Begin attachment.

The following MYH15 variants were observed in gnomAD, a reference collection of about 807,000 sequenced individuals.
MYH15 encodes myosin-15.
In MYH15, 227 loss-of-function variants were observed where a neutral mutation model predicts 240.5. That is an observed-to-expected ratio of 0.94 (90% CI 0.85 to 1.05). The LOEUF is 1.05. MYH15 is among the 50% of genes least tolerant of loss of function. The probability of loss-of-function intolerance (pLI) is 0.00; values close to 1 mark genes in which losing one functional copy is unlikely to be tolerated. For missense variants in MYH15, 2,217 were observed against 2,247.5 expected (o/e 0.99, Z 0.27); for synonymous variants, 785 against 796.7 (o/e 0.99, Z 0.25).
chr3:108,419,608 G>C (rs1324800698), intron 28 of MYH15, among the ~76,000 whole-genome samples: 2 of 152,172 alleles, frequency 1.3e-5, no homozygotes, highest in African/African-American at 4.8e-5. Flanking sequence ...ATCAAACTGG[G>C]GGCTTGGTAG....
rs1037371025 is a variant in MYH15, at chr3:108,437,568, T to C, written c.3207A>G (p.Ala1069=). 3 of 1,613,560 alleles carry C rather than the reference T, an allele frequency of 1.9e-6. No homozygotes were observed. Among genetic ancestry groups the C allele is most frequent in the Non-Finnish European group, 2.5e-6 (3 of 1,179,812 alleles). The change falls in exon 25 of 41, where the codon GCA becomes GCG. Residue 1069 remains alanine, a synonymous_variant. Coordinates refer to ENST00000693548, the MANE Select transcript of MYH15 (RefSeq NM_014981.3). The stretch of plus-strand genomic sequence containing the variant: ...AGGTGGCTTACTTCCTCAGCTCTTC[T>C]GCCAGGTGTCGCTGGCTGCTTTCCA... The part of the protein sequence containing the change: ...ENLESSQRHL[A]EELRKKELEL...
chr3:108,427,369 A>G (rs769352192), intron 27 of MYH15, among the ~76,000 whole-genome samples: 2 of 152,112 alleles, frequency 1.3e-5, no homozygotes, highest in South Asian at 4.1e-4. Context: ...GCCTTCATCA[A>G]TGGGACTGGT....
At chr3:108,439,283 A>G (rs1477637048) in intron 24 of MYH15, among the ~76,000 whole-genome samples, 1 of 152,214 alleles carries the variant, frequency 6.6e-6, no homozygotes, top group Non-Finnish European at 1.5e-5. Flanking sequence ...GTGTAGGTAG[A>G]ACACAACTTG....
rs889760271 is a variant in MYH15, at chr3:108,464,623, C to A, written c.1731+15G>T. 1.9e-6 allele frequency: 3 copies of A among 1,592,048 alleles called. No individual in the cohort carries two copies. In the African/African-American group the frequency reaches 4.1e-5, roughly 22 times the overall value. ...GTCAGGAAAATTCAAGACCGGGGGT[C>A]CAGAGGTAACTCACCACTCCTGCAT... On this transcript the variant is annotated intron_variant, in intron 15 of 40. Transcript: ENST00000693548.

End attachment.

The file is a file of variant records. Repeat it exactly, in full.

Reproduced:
The following MYH15 variants were observed in gnomAD, a reference collection of about 807,000 sequenced individuals.
MYH15 encodes myosin-15.
In MYH15, 227 loss-of-function variants were observed where a neutral mutation model predicts 240.5. That is an observed-to-expected ratio of 0.94 (90% CI 0.85 to 1.05). The LOEUF is 1.05. MYH15 is among the 50% of genes least tolerant of loss of function. The probability of loss-of-function intolerance (pLI) is 0.00; values close to 1 mark genes in which losing one functional copy is unlikely to be tolerated. For missense variants in MYH15, 2,217 were observed against 2,247.5 expected (o/e 0.99, Z 0.27); for synonymous variants, 785 against 796.7 (o/e 0.99, Z 0.25).
chr3:108,419,608 G>C (rs1324800698), intron 28 of MYH15, among the ~76,000 whole-genome samples: 2 of 152,172 alleles, frequency 1.3e-5, no homozygotes, highest in African/African-American at 4.8e-5. Flanking sequence ...ATCAAACTGG[G>C]GGCTTGGTAG....
rs1037371025 is a variant in MYH15, at chr3:108,437,568, T to C, written c.3207A>G (p.Ala1069=). 3 of 1,613,560 alleles carry C rather than the reference T, an allele frequency of 1.9e-6. No homozygotes were observed. Among genetic ancestry groups the C allele is most frequent in the Non-Finnish European group, 2.5e-6 (3 of 1,179,812 alleles). The change falls in exon 25 of 41, where the codon GCA becomes GCG. Residue 1069 remains alanine, a synonymous_variant. Coordinates refer to ENST00000693548, the MANE Select transcript of MYH15 (RefSeq NM_014981.3). The stretch of plus-strand genomic sequence containing the variant: ...AGGTGGCTTACTTCCTCAGCTCTTC[T>C]GCCAGGTGTCGCTGGCTGCTTTCCA... The part of the protein sequence containing the change: ...ENLESSQRHL[A]EELRKKELEL...
chr3:108,427,369 A>G (rs769352192), intron 27 of MYH15, among the ~76,000 whole-genome samples: 2 of 152,112 alleles, frequency 1.3e-5, no homozygotes, highest in South Asian at 4.1e-4. Context: ...GCCTTCATCA[A>G]TGGGACTGGT....
At chr3:108,439,283 A>G (rs1477637048) in intron 24 of MYH15, among the ~76,000 whole-genome samples, 1 of 152,214 alleles carries the variant, frequency 6.6e-6, no homozygotes, top group Non-Finnish European at 1.5e-5. Flanking sequence ...GTGTAGGTAG[A>G]ACACAACTTG....
rs889760271 is a variant in MYH15, at chr3:108,464,623, C to A, written c.1731+15G>T. 1.9e-6 allele frequency: 3 copies of A among 1,592,048 alleles called. No individual in the cohort carries two copies. In the African/African-American group the frequency reaches 4.1e-5, roughly 22 times the overall value. ...GTCAGGAAAATTCAAGACCGGGGGT[C>A]CAGAGGTAACTCACCACTCCTGCAT... On this transcript the variant is annotated intron_variant, in intron 15 of 40. Transcript: ENST00000693548.